Lisa Curtis

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Lisa Curtis is deputy assistant to U.S. president Donald Trump,[1] and Senior Director for South and Central Asia on the National Security Council (NSC). She was appointed to the NSC in 2017 by H. R. McMaster.[2][3][4][5] Prior to her appointment to the NSC, she was a Senior Research Fellow at The Heritage Foundation.[6]

Curtis was a staff member of the Senate Foreign Relations Committee handling the South Asia portfolio for then Committee Chairman Senator Richard Lugar. From 2001 to 2003 was a senior adviser in South Asia Bureau at the U.S. State Department where she advised the Assistant Secretary of State on India-Pakistan relations. In the late 1990s she was a political analyst on South Asia in the Central Intelligence Agency. She has also served as a political officer in the U.S. embassies in Islamabad and New Delhi during the Clinton Administration.[7]

Curtis has a bachelor's degree in economics from Indiana University. She resides in Herndon, Virginia with her husband and two children. [7]

Pakistan Working Group[edit]

Curtis' research has covered the US-India strategic and defence partnership, US counterterrorism policies in Afghanistan and Pakistan, and trends in extremism and religious freedom throughout the region.[2] She coauthored a Pakistan Working Group report with former Pakistani ambassador to the United States Husain Haqqani and various experts in 2008. The report praised achievements in Operation Zarb-i-Azb, called for pressure on Pakistan to work with the U.S. on Afghanistan and terrorism, encouraged Pakistan to break ties with the Taliban and other terrorist groups based in Afghanistan such as the Lashkar-e-Taiba, and called for curtailing assistance to Pakistan's military if it assists groups that kill Americans, including US troops in Afghanistan or American visitors in India. The report recommended revoking Pakistan's status as a major non-Nato ally in six months if Pakistan's army did not reform and called for consideration of the option to declare Pakistan a state sponsor of terrorism if Islamabad does not change its policies, detailing what changes were required.[2]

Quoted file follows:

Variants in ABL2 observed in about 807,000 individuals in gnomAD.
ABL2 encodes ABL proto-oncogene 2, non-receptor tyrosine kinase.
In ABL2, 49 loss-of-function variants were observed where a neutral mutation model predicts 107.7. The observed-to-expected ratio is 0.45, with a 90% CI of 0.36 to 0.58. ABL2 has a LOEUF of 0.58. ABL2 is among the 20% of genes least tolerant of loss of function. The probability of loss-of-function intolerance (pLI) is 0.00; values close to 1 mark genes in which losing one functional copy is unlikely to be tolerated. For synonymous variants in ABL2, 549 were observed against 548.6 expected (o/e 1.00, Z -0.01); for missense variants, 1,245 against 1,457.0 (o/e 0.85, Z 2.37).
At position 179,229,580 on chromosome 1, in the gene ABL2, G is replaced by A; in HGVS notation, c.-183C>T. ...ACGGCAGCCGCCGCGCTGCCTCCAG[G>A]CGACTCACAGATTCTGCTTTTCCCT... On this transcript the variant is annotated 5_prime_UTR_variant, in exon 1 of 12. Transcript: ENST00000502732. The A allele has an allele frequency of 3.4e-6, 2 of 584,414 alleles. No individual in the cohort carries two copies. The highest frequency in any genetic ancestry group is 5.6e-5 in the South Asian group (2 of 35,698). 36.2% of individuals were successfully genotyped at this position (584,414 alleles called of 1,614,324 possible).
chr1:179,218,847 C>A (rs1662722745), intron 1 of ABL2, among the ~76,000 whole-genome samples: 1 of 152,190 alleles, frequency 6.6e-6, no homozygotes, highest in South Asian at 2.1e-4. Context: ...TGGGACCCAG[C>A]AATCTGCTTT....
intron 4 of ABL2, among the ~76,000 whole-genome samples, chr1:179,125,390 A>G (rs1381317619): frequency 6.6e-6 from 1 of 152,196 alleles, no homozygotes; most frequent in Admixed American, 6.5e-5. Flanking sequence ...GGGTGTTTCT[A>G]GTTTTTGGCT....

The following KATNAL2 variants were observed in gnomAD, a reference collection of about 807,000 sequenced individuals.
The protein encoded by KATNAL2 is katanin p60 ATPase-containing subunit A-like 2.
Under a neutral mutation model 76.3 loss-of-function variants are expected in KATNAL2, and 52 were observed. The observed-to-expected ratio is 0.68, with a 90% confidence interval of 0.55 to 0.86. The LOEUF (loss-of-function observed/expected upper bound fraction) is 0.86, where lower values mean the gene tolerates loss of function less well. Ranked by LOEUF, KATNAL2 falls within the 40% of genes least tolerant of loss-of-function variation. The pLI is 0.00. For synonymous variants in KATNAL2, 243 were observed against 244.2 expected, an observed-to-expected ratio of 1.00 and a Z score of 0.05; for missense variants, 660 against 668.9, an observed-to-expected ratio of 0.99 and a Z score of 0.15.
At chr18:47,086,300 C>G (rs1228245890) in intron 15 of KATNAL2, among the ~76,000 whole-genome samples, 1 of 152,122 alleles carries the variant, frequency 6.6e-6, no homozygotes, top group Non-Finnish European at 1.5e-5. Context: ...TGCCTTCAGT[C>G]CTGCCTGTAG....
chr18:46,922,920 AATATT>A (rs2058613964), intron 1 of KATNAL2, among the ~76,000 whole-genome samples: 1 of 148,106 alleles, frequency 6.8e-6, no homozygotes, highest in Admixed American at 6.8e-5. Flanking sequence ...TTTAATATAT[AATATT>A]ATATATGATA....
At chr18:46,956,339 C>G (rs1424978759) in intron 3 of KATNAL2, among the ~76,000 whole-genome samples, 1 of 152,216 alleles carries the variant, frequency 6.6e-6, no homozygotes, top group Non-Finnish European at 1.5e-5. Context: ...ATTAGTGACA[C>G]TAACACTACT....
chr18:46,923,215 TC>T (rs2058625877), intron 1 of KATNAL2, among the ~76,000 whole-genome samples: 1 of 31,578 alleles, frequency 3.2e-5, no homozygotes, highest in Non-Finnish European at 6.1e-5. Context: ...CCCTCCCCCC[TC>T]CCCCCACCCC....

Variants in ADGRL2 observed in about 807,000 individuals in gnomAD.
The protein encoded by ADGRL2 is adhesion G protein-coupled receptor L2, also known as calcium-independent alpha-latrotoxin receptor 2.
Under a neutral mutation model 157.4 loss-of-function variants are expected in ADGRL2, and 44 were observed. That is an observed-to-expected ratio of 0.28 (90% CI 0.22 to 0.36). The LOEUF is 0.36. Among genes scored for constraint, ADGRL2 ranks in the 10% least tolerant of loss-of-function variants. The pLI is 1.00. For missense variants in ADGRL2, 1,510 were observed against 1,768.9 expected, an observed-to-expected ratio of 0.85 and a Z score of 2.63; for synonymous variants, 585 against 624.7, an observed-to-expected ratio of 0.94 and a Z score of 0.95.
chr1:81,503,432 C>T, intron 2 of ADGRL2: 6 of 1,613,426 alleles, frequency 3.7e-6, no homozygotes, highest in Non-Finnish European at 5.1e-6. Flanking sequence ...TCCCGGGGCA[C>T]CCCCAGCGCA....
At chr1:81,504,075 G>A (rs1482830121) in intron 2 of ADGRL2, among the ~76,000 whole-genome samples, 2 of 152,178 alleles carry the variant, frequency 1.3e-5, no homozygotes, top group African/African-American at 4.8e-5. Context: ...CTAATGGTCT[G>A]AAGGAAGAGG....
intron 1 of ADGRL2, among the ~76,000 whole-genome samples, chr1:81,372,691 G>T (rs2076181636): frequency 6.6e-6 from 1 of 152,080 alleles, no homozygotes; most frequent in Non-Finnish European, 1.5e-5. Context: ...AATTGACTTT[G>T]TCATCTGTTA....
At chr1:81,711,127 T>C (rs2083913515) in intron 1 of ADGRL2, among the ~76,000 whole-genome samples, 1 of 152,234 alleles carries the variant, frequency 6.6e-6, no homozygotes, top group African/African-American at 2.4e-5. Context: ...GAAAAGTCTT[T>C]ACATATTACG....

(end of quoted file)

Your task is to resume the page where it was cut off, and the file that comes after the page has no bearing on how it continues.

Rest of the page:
1. "Amid tensions, Trump aide Lisa Curtis says US seeking new relationship with Pakistan - February 27, 2018 The Financial Express".
  2. 2.0 2.1 2.2 Iqbal, Anwar (6 April 2017). "Lisa Curtis gets key White House position on South Asia".
  3. Rogin, Josh (April 4, 2017). "McMaster staffing NSC with traditional GOP foreign policy hands". The Washington Post.
  4. Shapiro, Ben (April 5, 2017). "Bannon OUT At National Security Council". The Daily Wire.
  5. Iqbal, Anwar (April 7, 2017). "Changes in White House to increase pressure on Pakistan". Dawn.
  7. 7.0 7.1 "Institute for Global Change". Institute for Global Change.

External links[edit]

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